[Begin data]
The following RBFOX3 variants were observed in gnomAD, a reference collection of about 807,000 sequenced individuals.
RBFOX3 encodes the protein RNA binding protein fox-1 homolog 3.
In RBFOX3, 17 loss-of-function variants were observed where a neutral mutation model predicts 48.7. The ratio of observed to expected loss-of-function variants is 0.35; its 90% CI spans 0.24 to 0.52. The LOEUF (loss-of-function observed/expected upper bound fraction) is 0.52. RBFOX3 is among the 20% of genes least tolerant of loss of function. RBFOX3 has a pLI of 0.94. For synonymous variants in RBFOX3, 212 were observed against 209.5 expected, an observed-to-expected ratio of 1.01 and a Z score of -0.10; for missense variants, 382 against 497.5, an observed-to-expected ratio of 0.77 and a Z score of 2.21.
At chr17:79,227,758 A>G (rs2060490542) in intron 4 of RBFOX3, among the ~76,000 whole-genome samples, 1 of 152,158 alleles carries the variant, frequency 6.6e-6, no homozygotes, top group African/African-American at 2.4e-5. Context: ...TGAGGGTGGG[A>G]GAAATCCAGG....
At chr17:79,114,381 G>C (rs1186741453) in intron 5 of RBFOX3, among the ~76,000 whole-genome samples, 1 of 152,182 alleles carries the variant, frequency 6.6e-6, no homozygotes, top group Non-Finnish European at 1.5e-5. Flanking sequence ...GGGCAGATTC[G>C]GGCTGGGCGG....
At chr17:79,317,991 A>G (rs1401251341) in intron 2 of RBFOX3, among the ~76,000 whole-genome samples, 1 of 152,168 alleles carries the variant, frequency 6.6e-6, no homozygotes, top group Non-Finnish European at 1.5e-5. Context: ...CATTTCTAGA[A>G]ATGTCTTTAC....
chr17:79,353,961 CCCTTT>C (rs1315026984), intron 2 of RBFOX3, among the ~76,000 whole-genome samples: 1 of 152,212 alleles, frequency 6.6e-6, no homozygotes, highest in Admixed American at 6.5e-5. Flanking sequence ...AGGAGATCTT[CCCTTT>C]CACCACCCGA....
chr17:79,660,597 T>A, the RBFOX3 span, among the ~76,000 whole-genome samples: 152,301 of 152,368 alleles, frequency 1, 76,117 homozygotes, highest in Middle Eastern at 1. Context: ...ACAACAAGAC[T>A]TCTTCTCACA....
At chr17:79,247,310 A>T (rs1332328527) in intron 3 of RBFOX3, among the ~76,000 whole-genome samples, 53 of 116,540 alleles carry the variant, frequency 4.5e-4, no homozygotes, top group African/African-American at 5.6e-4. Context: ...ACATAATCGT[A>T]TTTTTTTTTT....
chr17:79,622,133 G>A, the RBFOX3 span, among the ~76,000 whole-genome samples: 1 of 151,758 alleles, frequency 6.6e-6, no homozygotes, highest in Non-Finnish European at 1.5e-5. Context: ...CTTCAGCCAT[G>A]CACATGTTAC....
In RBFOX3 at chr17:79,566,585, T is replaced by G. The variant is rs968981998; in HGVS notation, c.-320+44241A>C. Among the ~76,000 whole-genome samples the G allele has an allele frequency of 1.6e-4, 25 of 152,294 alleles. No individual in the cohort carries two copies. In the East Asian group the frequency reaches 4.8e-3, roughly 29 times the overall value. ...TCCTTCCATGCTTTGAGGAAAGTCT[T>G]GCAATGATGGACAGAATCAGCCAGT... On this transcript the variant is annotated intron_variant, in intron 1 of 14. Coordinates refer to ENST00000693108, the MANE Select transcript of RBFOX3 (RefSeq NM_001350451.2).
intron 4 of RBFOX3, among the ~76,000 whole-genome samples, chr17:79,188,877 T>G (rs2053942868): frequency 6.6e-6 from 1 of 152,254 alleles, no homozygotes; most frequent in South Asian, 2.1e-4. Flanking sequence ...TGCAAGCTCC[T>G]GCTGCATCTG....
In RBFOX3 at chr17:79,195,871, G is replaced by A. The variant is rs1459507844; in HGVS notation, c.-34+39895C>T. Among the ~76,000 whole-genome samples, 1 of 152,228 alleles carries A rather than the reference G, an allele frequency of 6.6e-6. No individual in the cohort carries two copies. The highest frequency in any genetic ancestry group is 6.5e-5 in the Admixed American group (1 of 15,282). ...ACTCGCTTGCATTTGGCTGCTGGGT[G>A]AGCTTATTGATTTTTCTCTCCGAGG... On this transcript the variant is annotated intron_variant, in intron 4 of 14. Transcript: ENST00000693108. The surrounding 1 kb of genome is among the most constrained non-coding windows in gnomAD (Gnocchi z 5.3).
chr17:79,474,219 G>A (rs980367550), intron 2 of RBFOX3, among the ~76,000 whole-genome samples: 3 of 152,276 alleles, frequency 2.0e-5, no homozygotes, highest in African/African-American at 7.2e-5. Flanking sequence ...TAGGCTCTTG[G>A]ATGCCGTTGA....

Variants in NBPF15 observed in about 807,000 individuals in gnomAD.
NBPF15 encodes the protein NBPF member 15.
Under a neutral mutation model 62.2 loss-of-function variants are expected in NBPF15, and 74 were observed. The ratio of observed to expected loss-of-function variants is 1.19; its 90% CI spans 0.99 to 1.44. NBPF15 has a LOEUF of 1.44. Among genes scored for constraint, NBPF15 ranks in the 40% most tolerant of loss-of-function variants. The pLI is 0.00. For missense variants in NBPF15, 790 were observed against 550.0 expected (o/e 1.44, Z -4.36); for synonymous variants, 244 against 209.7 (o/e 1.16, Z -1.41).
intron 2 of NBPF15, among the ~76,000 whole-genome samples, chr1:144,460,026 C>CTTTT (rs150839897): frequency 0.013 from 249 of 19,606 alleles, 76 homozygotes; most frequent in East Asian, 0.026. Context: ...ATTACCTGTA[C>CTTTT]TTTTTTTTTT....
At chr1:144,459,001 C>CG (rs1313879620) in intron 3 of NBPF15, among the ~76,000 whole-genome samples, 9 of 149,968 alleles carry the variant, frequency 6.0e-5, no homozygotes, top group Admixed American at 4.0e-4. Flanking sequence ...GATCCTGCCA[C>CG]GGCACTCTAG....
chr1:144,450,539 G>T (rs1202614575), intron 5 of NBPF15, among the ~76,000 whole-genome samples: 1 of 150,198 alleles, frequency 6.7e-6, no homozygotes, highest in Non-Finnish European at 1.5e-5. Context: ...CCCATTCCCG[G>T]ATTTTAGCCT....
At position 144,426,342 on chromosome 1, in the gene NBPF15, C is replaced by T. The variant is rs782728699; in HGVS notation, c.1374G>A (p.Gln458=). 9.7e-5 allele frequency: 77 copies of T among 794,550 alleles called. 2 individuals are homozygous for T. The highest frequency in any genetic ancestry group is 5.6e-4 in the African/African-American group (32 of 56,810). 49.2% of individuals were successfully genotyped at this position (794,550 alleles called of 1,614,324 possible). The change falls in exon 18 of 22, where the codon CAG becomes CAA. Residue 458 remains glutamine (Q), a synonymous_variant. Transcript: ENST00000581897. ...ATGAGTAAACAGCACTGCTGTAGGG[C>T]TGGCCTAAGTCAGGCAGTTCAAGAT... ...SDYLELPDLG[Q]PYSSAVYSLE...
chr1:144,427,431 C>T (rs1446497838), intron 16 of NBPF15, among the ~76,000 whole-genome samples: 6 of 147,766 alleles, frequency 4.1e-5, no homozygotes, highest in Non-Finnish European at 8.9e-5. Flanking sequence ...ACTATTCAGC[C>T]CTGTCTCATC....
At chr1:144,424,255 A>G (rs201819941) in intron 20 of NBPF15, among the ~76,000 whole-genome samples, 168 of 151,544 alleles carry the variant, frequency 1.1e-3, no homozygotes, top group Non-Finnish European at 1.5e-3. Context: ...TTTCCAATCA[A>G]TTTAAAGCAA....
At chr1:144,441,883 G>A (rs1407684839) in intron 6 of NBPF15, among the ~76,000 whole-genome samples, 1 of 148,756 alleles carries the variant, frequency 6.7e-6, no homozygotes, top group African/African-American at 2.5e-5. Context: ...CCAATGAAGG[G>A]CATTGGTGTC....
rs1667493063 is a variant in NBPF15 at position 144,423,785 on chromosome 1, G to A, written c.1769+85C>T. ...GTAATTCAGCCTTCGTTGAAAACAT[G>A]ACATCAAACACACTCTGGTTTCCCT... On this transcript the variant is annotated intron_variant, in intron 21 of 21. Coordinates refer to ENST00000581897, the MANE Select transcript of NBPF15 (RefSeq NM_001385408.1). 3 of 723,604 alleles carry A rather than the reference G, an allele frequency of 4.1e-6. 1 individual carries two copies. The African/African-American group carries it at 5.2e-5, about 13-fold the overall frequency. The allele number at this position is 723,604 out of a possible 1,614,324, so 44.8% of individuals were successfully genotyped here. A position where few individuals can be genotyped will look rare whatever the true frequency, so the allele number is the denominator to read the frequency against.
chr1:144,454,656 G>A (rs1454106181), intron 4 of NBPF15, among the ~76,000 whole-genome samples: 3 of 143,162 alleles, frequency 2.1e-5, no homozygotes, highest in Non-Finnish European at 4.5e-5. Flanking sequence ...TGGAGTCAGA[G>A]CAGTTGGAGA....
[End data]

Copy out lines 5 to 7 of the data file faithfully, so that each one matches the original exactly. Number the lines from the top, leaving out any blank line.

At chr17:79,114,381 G>C (rs1186741453) in intron 5 of RBFOX3, among the ~76,000 whole-genome samples, 1 of 152,182 alleles carries the variant, frequency 6.6e-6, no homozygotes, top group Non-Finnish European at 1.5e-5. Flanking sequence ...GGGCAGATTC[G>C]GGCTGGGCGG....
At chr17:79,317,991 A>G (rs1401251341) in intron 2 of RBFOX3, among the ~76,000 whole-genome samples, 1 of 152,168 alleles carries the variant, frequency 6.6e-6, no homozygotes, top group Non-Finnish European at 1.5e-5. Context: ...CATTTCTAGA[A>G]ATGTCTTTAC....
chr17:79,353,961 CCCTTT>C (rs1315026984), intron 2 of RBFOX3, among the ~76,000 whole-genome samples: 1 of 152,212 alleles, frequency 6.6e-6, no homozygotes, highest in Admixed American at 6.5e-5. Flanking sequence ...AGGAGATCTT[CCCTTT>C]CACCACCCGA....